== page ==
I searched out this novel after reading Howard’s End is on the Landing and thoroughly enjoying Hill’s writing style. And after finishing The Bird of Night I’m even more convinced of her amazing writing style and ability, it’s no wonder the novel appeared on the Man-Booker shortlist in 1972 and won a Whitbread Novel Award (now called Costa Book Awards), and it’s definitely no surprise I found it stirring. I will definitely have to check out more of her work.
The Bird of Night is a story of love and madness. The narrator of the story, Harvey, looks back on his life and his time spent with Francis, the poet, and Francis’ rise to fame and coinciding decent into madness. There’s no way I can even begin to grasp everything in this compact novel, but I can definitely appreciate the beauty of the language and the intensity of the story. The quote below sort-of sums up the novel, or at least what I got out of the novel.
“And if he is mad, it is because one man’s brain cannot contain all the emotions and ideas and visions that are filling his without sometimes weakening and breaking down. But he will be perfectly well again, he is generally well. When he is not he is in despair and when he is fit he dreads the return of his illness. What can that be like to live with?” (149)
As usual I’m only going to focus on a few specific points in this response to the novel. The first being Hill’s language. I have rarely read an author whose descriptive capabilities are a match to Hill’s. There is something beautiful, and yet somewhat cruel, in her language. There were passages I wanted to highlight, but at the same time to remove them from the weave of her story would, I think, have ruined them. And although there is A LOT of description it’s not overwhelming or dry like many writers (mostly male) I’ve read.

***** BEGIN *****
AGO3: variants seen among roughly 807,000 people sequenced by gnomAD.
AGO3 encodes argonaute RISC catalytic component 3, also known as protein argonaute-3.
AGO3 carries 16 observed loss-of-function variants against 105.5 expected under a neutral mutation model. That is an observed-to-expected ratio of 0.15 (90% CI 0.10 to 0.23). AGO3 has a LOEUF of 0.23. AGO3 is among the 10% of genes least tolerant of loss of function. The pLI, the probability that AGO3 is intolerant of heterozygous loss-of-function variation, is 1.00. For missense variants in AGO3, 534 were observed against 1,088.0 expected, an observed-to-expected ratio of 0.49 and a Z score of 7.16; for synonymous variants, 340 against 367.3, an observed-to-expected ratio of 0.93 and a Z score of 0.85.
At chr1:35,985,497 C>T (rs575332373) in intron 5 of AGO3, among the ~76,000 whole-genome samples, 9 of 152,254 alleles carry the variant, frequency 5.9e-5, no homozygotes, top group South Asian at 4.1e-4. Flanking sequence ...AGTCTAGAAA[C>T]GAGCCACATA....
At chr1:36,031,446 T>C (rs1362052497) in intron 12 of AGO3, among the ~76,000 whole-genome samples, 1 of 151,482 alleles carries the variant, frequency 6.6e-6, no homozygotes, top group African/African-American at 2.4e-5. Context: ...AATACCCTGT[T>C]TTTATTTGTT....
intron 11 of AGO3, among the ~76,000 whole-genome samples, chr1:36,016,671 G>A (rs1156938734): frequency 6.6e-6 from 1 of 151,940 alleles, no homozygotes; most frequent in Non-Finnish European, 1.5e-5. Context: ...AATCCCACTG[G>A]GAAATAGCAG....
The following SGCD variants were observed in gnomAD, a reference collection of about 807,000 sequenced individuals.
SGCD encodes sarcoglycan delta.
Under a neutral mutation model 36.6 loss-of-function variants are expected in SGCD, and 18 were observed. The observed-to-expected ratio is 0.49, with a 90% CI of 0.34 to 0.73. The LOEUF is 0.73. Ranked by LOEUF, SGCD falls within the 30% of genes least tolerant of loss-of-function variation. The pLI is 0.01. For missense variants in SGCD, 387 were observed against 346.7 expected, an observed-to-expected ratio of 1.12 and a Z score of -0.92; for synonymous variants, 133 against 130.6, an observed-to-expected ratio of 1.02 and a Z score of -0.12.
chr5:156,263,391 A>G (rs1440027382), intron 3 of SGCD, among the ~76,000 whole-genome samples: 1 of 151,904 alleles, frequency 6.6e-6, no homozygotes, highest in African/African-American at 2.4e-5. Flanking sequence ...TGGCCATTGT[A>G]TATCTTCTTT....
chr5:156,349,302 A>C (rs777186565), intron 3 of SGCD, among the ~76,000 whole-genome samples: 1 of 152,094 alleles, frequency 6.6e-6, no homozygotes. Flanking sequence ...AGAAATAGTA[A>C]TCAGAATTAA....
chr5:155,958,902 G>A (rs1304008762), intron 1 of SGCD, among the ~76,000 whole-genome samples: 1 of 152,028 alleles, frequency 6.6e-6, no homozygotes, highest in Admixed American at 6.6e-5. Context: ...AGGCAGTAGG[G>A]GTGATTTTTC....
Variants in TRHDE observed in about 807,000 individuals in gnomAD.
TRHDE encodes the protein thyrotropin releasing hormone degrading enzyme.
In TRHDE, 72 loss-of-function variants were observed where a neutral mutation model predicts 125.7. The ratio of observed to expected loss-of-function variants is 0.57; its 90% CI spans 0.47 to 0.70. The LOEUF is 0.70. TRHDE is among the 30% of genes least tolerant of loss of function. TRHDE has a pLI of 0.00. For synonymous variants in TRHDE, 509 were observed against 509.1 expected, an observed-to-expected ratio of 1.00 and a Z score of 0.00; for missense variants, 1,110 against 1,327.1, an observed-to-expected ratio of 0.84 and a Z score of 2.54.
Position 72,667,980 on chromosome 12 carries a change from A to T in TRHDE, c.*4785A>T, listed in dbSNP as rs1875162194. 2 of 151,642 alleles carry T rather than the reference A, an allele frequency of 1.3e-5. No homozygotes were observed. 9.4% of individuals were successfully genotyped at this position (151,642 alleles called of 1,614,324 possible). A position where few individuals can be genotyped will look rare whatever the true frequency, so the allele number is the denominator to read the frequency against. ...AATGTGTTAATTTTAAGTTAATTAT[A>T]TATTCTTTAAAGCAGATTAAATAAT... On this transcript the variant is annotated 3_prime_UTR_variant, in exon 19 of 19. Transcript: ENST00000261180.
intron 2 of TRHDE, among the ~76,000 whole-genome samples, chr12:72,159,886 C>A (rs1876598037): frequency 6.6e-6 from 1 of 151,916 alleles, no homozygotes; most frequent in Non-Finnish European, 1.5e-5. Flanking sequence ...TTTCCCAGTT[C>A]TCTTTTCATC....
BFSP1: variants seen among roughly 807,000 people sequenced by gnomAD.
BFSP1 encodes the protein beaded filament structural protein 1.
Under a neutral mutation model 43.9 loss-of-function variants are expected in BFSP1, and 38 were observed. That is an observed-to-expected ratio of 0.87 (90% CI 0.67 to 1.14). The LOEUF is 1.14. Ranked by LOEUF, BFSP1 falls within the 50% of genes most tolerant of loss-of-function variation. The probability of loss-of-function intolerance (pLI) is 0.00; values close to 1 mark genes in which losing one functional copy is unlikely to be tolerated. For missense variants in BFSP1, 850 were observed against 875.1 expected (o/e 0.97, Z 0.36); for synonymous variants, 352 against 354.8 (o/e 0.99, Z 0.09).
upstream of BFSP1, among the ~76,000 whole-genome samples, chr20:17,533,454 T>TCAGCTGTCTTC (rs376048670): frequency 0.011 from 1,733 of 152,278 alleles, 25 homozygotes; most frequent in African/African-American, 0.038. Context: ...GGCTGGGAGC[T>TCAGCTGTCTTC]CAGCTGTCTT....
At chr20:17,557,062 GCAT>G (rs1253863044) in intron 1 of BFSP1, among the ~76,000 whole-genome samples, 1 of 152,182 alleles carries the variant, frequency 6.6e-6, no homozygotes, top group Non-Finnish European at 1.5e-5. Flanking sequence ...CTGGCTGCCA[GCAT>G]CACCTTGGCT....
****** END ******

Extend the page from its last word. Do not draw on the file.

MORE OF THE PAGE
The second point that nagged at me the entire book was the relationship between Harvey and Francis. Clearly this is because of my perspective as a gay man, but I couldn’t tell if Harvey and Francis were lovers or friends. If they were lovers was it a platonic love? If they were friends, was there a reason they weren’t lovers? The novel’s setting could be a reason this is unclear, it could also be Hill wrote the novel in the late 60s/early 70s, but it could also be Hill didn’t want to define their relationship and wanted to leave it up to the reader to decide.
I’ll just say there were no women interests mentioned in the novel for either Francis or Harvey and there is a scene with Francis’ father and Harvey which the descriptions of Francis’ father’s reactions to Harvey and judgemental looks made me wonder if he was at least thinking they were more than friends. As the story is told from Harvey’s point of view I’ve decided he was definitely in love with Francis (and he does acknowledge it), but I’m still not sure if it was more than brotherly and platonic.
What I found most interesting is when I went to look at the description on Wikipedia I found the following quote by Susan Hill about The Bird of Night,
“A novel of mine was shortlisted for the Booker and won the Whitbread Prize for Fiction. It was a book I have never rated. I don’t think it works, though there are a few good things in it. I don’t believe in the characters or the story.”
This really threw me for a loop – I thought it was beautifully written and believed in the characters (I didn’t like their wealth and ability to live on it, even though it was explained so it’s not just an unwritten guarantee), but for the author to say this it really made me wonder if I’d read/interpreted it wrong.
Recommendation: Take it or leave it. I thought it was a beautifully written novel, but could see how a lot of people might not be interested in it. If you’re a writer you should read it for her writing skills; if you’re a reader you will definitely enjoy her writing ability and her way with words.
Opening Line: “Once during a summer we spent at Kerneham, Francis locked himself in the church for the whole of a night.”
Closing Line: “Now I have finished. I have kept my promise. There are no papers.” (Whited out.)